Several years ago, I did a stint as executive chef at a busy Texas hotel. Once or twice a month, usually after a busy Friday night, the kitchen staff and I would meet at Evelyn’s Café for a late-night breakfast before going home. Evelyn was known miles around for was her delicious three- layer carrot cake—moist, not too sweet, filled with crushed pineapple and pecans. Fluffy cream cheese frosting was generously stuffed between each layer, and thick swirls of the stuff covered the cake’s top and sides. And the wedge they gave you was big enough for two normal people to share, though I enjoyed each and every bite by myself, as carrot cake has always been one of my favorite cakes. Evelyn’s suddenly closed in February of 1989 and with its closing went the recipe for her signature cake.
Tomato Soup Cake
In spite of what some think, tomato soup cake was not the invention of Campbell Soup Company, but rather the creation of Depression-era housewives.
Recipes for tomato soup cake (sometimes called “Mystery Cake”) first began making its appearance in community cookbooks during the 1920s and 1930s. Tomato soup concentrate was used in place of milk, butter and other dairy products to bring moisture and texture to this unusual dessert. After all, these products were hard to come by during the country’s Great Depression.
Campbell’s Tomato Soup was introduced to the American consumer in 1897, but the company didn’t open their test kitchen until 1941. And though Campbell’s was quick to develop their own version of tomato soup cake and use it to promote their soup, the first version was more like a British-style pudding than a cake. It was 1966 when Campbell’s finally came out with the modern version of this once popular cake.
The first tomato soup cakes were most often simple single-layer or loaf cakes, usually served plain. Updated recipes called for two-layer cakes topped with cream cheese frosting.
Adventurous readers feeling up for the challenge can find the recipe for Campbell’s Spicy Tomato Soup Cake in the recipe section of this blog.
Originally carrots grew wild in what is now southern Afghanistan. Quite different from the sweet, orange variety so popular today, these small, woody, unpleasant tasting purple roots were used primarily as a medicine and its seed as a spice. Silk traders eventually brought the seeds to Western Asia where after centuries of cultivation the anthocyanin pigment was bred out resulting in pale yellow carrots with better taste and texture.
In the 10th century the yellow carrot made its way to Holland where by the 13th century it was further improved and was being planted throughout France and Germany as a food crop mainly for the wealthy. Continued selective breeding eventually produced an orange carrot quite similar to those available today.
Carrots were first brought to North America by the colonists and generally used only in stews and soups. By the end of the 19th century, the French had introduced a longer, sweeter variety of carrot that was tasty both cooked and raw. This new, modern carrot found instant commercial success in both Europe and America.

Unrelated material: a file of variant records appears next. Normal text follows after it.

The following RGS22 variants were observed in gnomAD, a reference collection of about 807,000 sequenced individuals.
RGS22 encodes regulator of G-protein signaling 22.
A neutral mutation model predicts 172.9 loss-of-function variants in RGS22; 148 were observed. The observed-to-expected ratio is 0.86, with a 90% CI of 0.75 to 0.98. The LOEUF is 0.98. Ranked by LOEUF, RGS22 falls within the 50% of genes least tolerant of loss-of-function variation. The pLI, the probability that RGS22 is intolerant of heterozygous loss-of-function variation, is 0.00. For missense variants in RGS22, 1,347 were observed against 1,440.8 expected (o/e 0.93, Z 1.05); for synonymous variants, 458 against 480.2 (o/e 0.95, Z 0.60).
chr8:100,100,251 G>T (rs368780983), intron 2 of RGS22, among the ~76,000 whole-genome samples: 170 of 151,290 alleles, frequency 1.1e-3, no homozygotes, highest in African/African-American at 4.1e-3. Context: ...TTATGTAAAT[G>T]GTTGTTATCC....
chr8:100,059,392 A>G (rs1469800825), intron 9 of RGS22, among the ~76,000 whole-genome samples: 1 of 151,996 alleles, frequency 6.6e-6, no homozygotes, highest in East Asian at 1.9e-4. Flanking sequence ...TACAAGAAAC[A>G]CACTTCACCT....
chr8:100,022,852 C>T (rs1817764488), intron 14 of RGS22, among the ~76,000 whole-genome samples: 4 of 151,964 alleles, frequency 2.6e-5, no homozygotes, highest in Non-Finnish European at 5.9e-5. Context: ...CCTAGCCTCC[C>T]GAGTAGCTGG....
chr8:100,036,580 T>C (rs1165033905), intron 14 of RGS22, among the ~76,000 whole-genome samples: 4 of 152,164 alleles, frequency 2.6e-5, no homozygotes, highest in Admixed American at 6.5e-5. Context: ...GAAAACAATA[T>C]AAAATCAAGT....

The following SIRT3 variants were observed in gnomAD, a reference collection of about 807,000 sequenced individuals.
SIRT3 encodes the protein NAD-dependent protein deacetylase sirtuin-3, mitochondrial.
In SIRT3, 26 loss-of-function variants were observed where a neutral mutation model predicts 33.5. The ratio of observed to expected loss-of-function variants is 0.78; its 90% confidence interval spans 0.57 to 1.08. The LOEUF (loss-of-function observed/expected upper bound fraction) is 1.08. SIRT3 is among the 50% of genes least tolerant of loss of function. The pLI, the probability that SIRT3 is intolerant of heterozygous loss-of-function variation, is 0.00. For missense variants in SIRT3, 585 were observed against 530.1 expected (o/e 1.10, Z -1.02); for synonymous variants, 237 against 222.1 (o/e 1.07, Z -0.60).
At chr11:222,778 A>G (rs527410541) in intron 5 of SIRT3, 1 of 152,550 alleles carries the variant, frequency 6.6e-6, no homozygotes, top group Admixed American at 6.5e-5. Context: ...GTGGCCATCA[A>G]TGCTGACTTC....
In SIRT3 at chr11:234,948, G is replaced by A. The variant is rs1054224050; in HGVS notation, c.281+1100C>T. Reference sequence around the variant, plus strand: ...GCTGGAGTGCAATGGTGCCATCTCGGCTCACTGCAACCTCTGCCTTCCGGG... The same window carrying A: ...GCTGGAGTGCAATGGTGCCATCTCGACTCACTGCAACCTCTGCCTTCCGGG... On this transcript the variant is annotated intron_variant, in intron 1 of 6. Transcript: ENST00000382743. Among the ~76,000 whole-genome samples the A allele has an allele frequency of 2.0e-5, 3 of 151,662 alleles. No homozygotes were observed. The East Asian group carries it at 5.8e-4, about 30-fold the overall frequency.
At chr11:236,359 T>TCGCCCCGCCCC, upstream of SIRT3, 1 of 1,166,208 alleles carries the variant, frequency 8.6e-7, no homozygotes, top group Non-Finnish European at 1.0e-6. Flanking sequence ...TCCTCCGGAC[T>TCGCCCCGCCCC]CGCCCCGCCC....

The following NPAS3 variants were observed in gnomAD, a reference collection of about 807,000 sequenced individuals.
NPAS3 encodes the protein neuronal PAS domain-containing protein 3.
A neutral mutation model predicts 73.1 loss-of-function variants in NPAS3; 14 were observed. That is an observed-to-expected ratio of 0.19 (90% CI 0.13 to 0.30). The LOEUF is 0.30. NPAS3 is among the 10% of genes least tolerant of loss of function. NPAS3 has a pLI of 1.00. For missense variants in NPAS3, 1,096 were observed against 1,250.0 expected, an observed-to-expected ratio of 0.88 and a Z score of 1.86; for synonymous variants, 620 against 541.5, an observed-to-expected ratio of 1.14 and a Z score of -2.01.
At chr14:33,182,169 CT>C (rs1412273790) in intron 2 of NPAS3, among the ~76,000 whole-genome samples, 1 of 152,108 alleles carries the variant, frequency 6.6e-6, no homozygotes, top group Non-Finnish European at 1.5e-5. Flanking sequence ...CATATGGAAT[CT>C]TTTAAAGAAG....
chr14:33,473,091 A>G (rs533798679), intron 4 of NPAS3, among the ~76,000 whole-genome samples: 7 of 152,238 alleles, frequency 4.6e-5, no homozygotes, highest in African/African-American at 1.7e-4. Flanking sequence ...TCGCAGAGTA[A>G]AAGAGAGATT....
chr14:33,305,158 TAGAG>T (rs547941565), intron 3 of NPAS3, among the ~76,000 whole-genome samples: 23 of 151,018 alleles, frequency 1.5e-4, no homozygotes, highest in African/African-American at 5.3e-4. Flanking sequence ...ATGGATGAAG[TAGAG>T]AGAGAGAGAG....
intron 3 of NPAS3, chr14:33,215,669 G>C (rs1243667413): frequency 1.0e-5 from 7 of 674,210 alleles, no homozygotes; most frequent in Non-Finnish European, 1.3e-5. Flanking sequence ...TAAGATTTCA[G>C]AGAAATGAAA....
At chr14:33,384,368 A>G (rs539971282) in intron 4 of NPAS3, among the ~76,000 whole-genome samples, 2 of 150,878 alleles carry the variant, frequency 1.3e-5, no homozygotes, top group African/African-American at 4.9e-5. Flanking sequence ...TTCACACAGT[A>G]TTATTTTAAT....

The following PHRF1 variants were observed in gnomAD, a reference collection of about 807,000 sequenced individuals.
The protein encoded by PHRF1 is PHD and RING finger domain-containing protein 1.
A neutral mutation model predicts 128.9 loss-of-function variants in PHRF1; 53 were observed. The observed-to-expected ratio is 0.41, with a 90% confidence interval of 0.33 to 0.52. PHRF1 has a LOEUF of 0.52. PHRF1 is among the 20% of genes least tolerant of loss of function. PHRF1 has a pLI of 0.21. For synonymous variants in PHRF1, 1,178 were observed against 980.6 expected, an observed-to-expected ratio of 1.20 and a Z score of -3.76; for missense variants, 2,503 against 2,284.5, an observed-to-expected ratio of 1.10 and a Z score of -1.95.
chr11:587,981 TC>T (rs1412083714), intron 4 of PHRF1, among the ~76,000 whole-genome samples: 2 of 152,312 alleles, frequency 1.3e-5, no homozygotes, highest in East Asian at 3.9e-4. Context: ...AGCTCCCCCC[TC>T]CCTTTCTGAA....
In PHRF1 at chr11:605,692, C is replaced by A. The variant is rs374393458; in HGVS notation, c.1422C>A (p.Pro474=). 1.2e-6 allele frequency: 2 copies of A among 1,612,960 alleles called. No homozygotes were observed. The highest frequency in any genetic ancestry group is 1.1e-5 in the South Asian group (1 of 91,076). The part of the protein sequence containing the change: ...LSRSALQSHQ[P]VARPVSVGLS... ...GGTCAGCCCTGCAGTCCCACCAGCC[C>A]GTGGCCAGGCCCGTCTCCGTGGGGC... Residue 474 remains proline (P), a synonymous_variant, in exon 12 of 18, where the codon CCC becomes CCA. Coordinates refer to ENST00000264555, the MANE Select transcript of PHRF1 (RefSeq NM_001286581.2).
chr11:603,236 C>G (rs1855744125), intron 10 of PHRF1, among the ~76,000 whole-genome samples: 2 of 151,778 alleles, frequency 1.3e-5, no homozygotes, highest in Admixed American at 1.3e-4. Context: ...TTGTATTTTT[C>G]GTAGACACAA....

Enter the carrot cake
The exact origin of the carrot cake is somewhat debated although most food historians feel it descended from the carrot puddings of Medieval Europe. Over the years these recipes took on several forms—some were steamed like pie and served with a sauce, others were baked in cake pans and glazed like a cake. One of the earliest recipes for a true carrot cake appeared in a 19th century French cookbook printed in England. Another early recipe was published in Switzerland where according to the Culinary Heritage of Switzerland it is still the most popular cake in the country, especially for children’s birthdays.
Likely the first recipe in the U.S. for modern carrot cake appeared in The 20th Century Bride’s Cookbook, published by the Twentieth Century Club in Wichita, Kansas in 1929. After World War II, bakers began applying the chiffon principle of eggs and oil to carrot cake, which resulted in the dense, tender and moist cake we know today.
Still, even after this improvement the carrot cake remained just a local delight. It wasn’t until the early 1960s that the carrot cake went from novelty dessert to a standard menu item in restaurants across the nation. One reason for this rise from obscurity was the pairing of carrot cake with cream cheese frosting (developed in the 1930s as the topping for the tomato soup cake). A 2005 survey taken by the Food Network shows carrot cake with cream cheese frosting as number five of the top five 1970’s fad foods.
I was first introduced to carrot cake by my mom who got the recipe out of a community cookbook published by a local radio station. And while it was absolutely delicious, I’m sorry to say Evelyn’s was better. I only wish I had been able to get Evelyn’s recipe before the café doors closed. With that said, I have included my mom’s version of carrot cake which I believe you will enjoy.